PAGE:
Content Guidelines

HDSR aims to publish the highest quality articles in data science in at least the following four categories.


  • Commentaries, overviews and debates pertaining to the history, state-of-the-art, grand challenges, and opportunities in major areas of data science, with attention to their broad societal and policy-related implications (e.g., artificial intelligence vs human intelligence; cybersecurity; algorithms in society; GDPR and its global impact).  These articles could provide the content for compact multimedia learning modules designed for broad reuse as case studies or illustrations in online and on-campus courses.


  • Fundamental philosophical, theoretical, and methodological research, especially that which reflects deeply and broadly the synergistic nature of data science, engaging issues such as---just to name a few---the tradeoff between computational and statistical efficiency; digital humanities; data privacy versus data utility; deep learning versus deep understanding; learning causality from massive online data; data curation and provenance; information governance; FAIR (findable, accessible, interoperable, re-usable) data; algorithm fairness and accountability; data flows and markets; research reproducibility, replicability and triangulation.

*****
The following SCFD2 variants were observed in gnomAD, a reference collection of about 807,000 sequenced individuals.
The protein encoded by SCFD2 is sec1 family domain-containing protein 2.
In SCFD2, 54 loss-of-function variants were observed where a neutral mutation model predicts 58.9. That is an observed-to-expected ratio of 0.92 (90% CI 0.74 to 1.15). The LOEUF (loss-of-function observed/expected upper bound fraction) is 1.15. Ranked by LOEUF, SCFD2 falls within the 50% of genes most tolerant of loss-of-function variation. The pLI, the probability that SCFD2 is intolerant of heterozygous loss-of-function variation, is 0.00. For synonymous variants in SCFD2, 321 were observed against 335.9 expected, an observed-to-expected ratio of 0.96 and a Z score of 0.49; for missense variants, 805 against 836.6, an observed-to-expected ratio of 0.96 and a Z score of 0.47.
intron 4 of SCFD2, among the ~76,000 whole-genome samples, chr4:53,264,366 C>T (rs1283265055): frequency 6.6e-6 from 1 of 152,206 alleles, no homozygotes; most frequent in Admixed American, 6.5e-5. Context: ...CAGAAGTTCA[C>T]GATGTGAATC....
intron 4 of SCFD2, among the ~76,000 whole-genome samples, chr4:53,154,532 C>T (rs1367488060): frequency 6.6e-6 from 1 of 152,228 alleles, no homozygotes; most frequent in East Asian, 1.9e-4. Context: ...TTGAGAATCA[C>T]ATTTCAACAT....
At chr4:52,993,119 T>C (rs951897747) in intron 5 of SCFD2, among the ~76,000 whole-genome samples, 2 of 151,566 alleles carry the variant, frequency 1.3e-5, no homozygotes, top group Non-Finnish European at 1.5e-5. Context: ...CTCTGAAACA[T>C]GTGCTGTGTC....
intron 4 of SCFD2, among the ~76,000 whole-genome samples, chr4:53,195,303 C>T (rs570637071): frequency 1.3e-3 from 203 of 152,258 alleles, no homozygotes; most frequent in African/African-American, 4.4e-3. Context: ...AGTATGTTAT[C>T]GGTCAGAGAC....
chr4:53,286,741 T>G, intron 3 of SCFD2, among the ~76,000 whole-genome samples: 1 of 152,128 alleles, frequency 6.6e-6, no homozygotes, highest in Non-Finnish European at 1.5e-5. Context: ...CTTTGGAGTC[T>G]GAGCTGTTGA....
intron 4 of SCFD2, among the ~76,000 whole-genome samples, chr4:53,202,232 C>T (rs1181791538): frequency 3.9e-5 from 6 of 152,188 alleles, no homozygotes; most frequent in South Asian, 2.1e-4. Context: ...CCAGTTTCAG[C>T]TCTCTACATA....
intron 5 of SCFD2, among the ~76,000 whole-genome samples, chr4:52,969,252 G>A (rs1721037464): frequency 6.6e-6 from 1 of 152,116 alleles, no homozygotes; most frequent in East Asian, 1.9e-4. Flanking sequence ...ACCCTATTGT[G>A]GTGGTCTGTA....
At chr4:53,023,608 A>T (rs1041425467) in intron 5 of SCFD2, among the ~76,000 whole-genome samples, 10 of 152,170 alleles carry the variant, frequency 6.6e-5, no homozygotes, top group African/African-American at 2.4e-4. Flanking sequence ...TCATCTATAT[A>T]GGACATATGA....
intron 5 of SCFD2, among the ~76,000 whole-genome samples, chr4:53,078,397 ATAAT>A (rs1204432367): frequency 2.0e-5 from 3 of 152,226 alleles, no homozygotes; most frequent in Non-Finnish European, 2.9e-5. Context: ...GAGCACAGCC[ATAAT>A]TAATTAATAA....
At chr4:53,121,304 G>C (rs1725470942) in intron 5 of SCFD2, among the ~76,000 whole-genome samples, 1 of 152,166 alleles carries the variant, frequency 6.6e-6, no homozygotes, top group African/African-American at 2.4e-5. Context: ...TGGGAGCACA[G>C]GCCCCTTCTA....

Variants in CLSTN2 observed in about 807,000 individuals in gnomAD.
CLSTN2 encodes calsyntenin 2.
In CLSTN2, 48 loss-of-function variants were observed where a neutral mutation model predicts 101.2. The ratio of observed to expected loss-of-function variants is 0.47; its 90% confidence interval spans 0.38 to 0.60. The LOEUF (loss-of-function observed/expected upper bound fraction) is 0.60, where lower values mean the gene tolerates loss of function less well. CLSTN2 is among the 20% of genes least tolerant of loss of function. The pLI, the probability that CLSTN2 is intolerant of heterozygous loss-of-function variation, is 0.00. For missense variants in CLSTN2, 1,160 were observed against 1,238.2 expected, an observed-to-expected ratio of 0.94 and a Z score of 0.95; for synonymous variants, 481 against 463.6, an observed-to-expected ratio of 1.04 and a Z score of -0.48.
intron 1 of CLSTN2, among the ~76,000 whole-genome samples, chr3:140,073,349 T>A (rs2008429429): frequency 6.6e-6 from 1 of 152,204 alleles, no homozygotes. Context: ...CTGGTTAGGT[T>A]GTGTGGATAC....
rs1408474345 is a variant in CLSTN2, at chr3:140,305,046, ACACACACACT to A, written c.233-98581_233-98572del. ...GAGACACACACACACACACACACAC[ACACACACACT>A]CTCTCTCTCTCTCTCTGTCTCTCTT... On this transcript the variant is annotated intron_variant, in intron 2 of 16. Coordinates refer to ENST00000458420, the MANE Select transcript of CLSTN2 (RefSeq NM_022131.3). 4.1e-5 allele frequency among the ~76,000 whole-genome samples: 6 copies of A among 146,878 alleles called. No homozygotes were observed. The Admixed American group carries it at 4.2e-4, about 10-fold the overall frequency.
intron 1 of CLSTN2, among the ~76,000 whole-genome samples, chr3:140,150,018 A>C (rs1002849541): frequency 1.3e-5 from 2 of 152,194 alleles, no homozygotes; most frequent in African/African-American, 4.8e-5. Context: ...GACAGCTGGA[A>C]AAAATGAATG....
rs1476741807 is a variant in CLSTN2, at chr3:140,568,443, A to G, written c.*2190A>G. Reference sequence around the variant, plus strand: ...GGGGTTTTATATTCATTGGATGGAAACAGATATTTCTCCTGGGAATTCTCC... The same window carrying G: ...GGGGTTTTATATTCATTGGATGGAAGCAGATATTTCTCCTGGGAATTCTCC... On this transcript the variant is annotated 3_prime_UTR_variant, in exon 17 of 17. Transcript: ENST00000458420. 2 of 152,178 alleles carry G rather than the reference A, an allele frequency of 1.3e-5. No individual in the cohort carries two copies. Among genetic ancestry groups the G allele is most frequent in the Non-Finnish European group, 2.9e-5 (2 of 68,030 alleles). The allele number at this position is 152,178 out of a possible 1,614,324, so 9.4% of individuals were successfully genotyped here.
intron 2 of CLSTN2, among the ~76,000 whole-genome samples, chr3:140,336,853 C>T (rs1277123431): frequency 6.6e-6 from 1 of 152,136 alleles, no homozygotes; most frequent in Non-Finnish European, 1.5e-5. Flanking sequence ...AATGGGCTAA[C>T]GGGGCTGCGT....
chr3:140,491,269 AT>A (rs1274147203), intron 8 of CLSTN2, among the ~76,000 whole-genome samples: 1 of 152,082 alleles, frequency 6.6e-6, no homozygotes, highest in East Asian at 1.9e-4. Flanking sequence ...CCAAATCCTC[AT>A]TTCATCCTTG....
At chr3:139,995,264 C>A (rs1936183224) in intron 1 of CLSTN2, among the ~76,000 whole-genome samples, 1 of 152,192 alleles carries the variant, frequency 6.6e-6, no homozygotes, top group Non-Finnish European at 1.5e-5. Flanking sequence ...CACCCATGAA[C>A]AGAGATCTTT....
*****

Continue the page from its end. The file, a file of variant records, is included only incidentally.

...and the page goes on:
• Advances, challenges, and opportunities in learning, teaching, and communicating data science, especially those that are innovative (e.g., the Berkeley “connector” courses) and those that can have broad and lasting impact, as well as major pedagogical research findings such as the effectiveness of online courses and how they inform residential learning and vice versa. These articles could provide educational frameworks, course syllabi, and programmatic curricula for advancing data science education at all levels, from data literacy to pre-colleague education to university programs and to executive training.


  • Major innovations, practices and knowledge transfers of data science in industry, government, NGOs, such as those pertaining to—again to name a small sample---AI, personalized health and medical advances; nano technologies; biomedical engineering; business analytics; social policy; economic developments; smart cities; food supply; human rights; counter terrorism; international relationships; climate change and environmental protections; consumer products and retail; sports and entertainment industry; voting and election systems. Preferences are given to those cases that reflect the principled application of data science methods, generating philosophical, ethical, theoretical, methodological, and/or pedagogical challenges and insights, and those upon which educational case studies can be built effectively (as inspired by Harvard Business Review).